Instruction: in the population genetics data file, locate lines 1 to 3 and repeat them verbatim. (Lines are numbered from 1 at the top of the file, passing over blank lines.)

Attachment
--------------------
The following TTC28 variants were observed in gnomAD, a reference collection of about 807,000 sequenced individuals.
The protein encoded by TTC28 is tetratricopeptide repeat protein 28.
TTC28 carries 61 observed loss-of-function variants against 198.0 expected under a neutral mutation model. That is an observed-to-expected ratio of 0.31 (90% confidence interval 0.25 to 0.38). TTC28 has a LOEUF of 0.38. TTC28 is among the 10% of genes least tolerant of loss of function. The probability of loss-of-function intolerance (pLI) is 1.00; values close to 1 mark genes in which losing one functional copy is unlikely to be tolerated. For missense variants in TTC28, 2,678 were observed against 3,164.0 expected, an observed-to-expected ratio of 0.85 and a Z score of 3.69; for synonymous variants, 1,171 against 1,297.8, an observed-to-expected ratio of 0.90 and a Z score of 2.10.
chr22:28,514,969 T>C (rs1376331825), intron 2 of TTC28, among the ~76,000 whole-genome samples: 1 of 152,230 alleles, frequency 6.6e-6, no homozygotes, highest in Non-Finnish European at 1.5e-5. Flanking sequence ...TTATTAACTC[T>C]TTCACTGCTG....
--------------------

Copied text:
The following TTC28 variants were observed in gnomAD, a reference collection of about 807,000 sequenced individuals.
The protein encoded by TTC28 is tetratricopeptide repeat protein 28.
TTC28 carries 61 observed loss-of-function variants against 198.0 expected under a neutral mutation model. That is an observed-to-expected ratio of 0.31 (90% confidence interval 0.25 to 0.38). TTC28 has a LOEUF of 0.38. TTC28 is among the 10% of genes least tolerant of loss of function. The probability of loss-of-function intolerance (pLI) is 1.00; values close to 1 mark genes in which losing one functional copy is unlikely to be tolerated. For missense variants in TTC28, 2,678 were observed against 3,164.0 expected, an observed-to-expected ratio of 0.85 and a Z score of 3.69; for synonymous variants, 1,171 against 1,297.8, an observed-to-expected ratio of 0.90 and a Z score of 2.10.